Self-employed artists have been devastated by the Coronavirus pandemic, with some struggling to live on less than £50-a-week, according to a survey

The lockdown at the start of April had a catastrophic impact on the earning capacity of thousands of small businesses run by artists and craftspeople, with fewer than one in ten continuing to earn their full, pre-Covid salary.

While most of the self-employed artists, fashion, textile and jewellery designers, publishers, photographers, and other crafts producers said they have continued to work, half are earning less than 50% of their normal income. One in four is earning less than a fifth of their pre-lockdown wage while 15% earn a tenth or less.

Six out of ten reported that, because of the way they’re paid, they didn’t qualify for any Government support schemes.

The survey was carried out by the Edinburgh-based Scottish Design Exchange (SDX), a not-for-profit business, which surveyed almost 200 artists and craftspeople.

Chief executive Lynzi Leroy said: “There are thousands of people whose creative output helps to define our country and to sell its image at home and abroad, generating large amounts of revenue for the economy.

“Yet this survey reveals the stark reality of how close to the edge many of those people live, without an effective safety net when things go wrong.”

She added: “It highlights a wider problem about how, as a society, we don’t value or protect the foot soldiers of our creative industries.”

Some 60% of respondents said they have received no financial help from the Government, compared with 40% who have.

Of those who have received some funding most (60%) did so through the Self-employed Income Support Scheme.

A small number (2%) accessed funding through the Self-Employed Hardship Fund and the Coronavirus Business Support Fund while 4% were funded by the Small Business Bonus Scheme.

One artist who responded to the anonymous survey said: “In order to grow my business in the past four years, I have used what would have been profits to purchase equipment and software.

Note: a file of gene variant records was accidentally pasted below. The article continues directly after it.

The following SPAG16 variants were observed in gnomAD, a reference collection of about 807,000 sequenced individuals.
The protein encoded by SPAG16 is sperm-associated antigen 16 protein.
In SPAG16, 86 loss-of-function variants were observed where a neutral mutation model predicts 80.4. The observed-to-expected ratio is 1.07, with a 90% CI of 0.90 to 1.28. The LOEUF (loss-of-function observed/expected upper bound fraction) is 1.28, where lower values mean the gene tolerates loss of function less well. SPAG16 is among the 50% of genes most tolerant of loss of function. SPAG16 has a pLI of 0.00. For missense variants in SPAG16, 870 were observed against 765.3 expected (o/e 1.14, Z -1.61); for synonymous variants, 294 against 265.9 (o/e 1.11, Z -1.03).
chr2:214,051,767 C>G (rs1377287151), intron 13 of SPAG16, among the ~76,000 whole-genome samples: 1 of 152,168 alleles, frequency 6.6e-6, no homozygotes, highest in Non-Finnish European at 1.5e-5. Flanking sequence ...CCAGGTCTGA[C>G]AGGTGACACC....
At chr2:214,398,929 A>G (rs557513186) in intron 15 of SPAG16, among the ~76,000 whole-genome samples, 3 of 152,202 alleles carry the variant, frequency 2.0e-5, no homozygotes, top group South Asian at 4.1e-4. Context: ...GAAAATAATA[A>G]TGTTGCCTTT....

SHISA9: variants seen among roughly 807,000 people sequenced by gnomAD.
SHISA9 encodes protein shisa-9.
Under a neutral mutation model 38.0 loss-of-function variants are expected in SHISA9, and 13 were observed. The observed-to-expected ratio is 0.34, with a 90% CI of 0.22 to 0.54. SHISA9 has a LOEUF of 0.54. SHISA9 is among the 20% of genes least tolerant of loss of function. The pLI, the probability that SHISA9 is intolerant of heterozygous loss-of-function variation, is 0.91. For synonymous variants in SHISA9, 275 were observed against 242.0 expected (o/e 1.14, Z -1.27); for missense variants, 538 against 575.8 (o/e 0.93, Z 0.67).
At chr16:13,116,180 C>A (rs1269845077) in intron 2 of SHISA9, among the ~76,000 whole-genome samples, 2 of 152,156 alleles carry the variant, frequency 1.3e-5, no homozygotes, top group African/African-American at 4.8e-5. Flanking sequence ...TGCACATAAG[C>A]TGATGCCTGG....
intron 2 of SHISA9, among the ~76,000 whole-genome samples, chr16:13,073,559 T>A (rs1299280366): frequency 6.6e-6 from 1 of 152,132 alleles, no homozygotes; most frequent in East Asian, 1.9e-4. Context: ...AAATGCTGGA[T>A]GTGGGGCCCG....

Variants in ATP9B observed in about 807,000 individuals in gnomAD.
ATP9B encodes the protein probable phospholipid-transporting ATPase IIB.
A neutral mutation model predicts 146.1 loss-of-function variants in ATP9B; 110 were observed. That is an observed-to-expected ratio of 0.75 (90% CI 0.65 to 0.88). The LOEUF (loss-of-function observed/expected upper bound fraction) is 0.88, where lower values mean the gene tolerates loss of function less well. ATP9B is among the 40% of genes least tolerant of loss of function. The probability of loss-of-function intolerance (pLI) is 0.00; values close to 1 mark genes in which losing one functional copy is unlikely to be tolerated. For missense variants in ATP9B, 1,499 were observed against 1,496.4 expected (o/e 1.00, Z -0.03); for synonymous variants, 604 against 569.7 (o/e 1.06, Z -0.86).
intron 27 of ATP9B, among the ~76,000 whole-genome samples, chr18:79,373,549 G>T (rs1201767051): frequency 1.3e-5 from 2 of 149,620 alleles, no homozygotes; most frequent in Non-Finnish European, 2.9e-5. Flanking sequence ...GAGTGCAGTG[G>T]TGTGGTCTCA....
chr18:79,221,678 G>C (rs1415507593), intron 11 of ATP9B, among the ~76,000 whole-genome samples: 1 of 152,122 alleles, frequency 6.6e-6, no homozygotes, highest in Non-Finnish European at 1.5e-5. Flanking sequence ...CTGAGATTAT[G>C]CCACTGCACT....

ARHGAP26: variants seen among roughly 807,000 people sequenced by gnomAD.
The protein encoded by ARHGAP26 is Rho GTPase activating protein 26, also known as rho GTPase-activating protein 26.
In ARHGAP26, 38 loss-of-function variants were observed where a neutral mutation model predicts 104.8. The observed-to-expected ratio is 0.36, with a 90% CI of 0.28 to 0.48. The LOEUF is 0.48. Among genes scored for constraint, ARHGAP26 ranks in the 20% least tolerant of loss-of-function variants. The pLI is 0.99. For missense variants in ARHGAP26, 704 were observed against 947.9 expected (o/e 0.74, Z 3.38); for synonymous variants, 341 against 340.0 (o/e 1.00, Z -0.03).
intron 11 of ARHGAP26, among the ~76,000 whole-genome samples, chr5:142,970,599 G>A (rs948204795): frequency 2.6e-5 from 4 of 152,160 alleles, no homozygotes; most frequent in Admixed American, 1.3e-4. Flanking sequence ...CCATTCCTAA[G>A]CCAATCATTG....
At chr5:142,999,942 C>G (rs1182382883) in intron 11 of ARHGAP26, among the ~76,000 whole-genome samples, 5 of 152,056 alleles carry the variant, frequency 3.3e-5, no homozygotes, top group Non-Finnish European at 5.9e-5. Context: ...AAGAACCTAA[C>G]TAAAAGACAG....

“The Government formula to access self-employment funds meant that my small work pension was more that my profits over the period. I therefore received no financial support.

“My outlets for selling my products all closed and the main source of my income is unlikely to be operational before next year. This has had a huge financial and personal impact on me and my family.”

Another said: “The Government created some bizarre rules which meant that my business fell through the cracks and I was unable to get any support.

“I am a knitwear designer, but no-one was buying knitwear online. During the summer I make money from tourists buying knitwear, so my income has been zero, without my partner to pay my bills for me I would have been destitute.”

Another said: “I have fallen through every single gap in the governments schemes - it’s so incredibly wrong and makes my blood boil. I have paid my HMRC taxes since I started business in April 2018 but because I made a loss in my first year - as most businesses do as we speculate to accumulate - and a healthy profit in my second year of more than £20,000, the second year was not taken into account.

“These last three months have been super tough on my business and I really think the Government should have given out one or two thousand pounds to all those in business who did not receive anything at all. This small fee could very well stop a small business from going under.”

Almost 40% of respondents said they have suffered some hardship and of those the same proportion said they have suffered moderate or extreme hardship.

More than a third (37%) said they have been unable to continue paying their rent or mortgage, while over a quarter (27%) said they have had to suspend paying payments into pension funds.

A third (32%) have had to ration use of gas and electricity while 30% said there have been times when they have been unable to buy items of essential clothing.

Some 13% said they have been unable to pay gas or electricity bills and the same number said they have had to cancel insurance policies.

Almost 16% said they have been unable to afford essential toiletries and sanitary products while one in 10 said there have been times when they have been unable to feed themselves.